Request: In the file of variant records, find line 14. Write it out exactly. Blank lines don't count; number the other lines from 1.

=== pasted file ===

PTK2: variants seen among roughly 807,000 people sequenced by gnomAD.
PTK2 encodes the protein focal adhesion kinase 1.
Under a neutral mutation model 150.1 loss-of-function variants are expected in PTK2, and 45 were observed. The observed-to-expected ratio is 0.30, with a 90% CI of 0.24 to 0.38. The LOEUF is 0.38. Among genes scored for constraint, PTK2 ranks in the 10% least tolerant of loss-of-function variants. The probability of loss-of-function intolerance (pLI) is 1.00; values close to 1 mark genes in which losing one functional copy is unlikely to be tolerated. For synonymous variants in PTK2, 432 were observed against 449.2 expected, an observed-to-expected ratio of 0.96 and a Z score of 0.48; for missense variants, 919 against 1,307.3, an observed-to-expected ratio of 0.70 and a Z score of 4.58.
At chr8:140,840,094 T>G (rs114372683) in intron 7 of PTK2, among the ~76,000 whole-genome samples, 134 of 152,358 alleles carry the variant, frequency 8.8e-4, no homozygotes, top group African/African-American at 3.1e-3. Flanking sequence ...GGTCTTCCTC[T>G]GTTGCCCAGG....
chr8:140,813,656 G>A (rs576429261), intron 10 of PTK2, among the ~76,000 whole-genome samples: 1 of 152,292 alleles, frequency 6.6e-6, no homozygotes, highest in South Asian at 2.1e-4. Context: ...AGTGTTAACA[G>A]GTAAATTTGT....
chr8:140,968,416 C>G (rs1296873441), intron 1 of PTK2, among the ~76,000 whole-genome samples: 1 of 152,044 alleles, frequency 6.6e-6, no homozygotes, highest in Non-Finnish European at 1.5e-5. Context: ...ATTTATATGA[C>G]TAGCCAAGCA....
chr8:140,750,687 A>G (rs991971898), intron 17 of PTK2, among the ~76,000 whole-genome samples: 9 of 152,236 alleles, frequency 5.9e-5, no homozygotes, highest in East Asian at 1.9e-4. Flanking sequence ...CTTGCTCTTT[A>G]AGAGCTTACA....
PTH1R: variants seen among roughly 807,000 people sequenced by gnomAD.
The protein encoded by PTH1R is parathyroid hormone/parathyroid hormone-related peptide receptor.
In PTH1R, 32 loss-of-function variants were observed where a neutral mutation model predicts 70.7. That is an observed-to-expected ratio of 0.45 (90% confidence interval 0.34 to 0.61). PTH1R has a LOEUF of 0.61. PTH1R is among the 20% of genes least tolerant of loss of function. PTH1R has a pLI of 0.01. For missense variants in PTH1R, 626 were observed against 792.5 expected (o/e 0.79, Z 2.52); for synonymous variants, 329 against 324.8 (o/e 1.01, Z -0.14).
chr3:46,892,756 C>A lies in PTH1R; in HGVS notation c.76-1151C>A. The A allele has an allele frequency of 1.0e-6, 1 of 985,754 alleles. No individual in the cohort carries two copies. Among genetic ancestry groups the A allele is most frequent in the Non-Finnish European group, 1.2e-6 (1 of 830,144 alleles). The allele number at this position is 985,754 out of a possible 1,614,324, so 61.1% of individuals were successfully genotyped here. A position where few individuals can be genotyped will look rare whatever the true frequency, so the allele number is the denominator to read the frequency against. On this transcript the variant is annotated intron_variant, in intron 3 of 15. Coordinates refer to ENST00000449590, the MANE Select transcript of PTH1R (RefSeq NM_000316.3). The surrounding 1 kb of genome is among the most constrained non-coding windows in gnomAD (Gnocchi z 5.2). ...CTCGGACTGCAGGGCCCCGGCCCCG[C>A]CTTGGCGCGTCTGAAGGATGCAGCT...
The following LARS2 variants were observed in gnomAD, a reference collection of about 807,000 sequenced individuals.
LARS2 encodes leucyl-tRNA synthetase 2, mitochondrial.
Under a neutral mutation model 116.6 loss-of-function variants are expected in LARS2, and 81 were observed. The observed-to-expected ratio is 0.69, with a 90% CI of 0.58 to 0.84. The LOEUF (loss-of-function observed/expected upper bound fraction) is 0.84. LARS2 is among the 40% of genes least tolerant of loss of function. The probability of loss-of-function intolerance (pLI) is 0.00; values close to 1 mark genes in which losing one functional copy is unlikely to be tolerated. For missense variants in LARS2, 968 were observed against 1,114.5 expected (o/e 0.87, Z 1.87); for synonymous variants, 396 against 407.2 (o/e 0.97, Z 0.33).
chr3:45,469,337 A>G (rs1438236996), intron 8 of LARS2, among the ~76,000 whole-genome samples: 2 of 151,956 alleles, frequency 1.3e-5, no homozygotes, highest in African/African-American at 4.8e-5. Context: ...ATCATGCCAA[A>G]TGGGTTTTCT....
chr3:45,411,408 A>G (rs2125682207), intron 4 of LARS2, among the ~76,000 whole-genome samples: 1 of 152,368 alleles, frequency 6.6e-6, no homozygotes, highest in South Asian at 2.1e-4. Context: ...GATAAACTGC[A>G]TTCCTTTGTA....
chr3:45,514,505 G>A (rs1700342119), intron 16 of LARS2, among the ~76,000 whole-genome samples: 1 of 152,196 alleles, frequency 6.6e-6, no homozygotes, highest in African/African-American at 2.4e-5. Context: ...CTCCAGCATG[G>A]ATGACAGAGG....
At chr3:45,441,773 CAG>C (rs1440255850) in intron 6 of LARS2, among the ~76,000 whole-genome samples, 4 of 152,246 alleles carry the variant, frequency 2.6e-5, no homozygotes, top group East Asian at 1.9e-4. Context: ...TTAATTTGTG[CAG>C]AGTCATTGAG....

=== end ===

Under a neutral mutation model 116.6 loss-of-function variants are expected in LARS2, and 81 were observed. The observed-to-expected ratio is 0.69, with a 90% CI of 0.58 to 0.84. The LOEUF (loss-of-function observed/expected upper bound fraction) is 0.84. LARS2 is among the 40% of genes least tolerant of loss of function. The probability of loss-of-function intolerance (pLI) is 0.00; values close to 1 mark genes in which losing one functional copy is unlikely to be tolerated. For missense variants in LARS2, 968 were observed against 1,114.5 expected (o/e 0.87, Z 1.87); for synonymous variants, 396 against 407.2 (o/e 0.97, Z 0.33).